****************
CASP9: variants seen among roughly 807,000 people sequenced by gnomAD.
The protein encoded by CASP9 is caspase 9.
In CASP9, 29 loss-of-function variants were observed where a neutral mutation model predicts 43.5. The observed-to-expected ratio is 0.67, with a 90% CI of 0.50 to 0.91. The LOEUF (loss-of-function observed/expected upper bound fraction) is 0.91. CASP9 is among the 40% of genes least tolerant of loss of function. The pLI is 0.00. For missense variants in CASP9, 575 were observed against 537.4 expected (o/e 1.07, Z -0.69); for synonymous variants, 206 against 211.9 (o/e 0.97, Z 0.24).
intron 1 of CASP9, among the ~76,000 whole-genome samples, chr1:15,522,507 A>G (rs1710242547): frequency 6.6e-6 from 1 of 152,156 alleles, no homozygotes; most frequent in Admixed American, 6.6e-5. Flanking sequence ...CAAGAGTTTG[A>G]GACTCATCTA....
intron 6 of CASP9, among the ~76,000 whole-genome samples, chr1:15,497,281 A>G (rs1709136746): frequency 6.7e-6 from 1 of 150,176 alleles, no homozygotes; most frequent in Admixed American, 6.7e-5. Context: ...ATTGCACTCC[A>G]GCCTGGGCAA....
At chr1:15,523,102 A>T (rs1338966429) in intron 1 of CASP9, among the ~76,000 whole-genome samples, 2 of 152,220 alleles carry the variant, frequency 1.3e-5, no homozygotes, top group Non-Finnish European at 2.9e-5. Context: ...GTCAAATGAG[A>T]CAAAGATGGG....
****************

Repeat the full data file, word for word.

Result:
CASP9: variants seen among roughly 807,000 people sequenced by gnomAD.
The protein encoded by CASP9 is caspase 9.
In CASP9, 29 loss-of-function variants were observed where a neutral mutation model predicts 43.5. The observed-to-expected ratio is 0.67, with a 90% CI of 0.50 to 0.91. The LOEUF (loss-of-function observed/expected upper bound fraction) is 0.91. CASP9 is among the 40% of genes least tolerant of loss of function. The pLI is 0.00. For missense variants in CASP9, 575 were observed against 537.4 expected (o/e 1.07, Z -0.69); for synonymous variants, 206 against 211.9 (o/e 0.97, Z 0.24).
intron 1 of CASP9, among the ~76,000 whole-genome samples, chr1:15,522,507 A>G (rs1710242547): frequency 6.6e-6 from 1 of 152,156 alleles, no homozygotes; most frequent in Admixed American, 6.6e-5. Flanking sequence ...CAAGAGTTTG[A>G]GACTCATCTA....
intron 6 of CASP9, among the ~76,000 whole-genome samples, chr1:15,497,281 A>G (rs1709136746): frequency 6.7e-6 from 1 of 150,176 alleles, no homozygotes; most frequent in Admixed American, 6.7e-5. Context: ...ATTGCACTCC[A>G]GCCTGGGCAA....
At chr1:15,523,102 A>T (rs1338966429) in intron 1 of CASP9, among the ~76,000 whole-genome samples, 2 of 152,220 alleles carry the variant, frequency 1.3e-5, no homozygotes, top group Non-Finnish European at 2.9e-5. Context: ...GTCAAATGAG[A>T]CAAAGATGGG....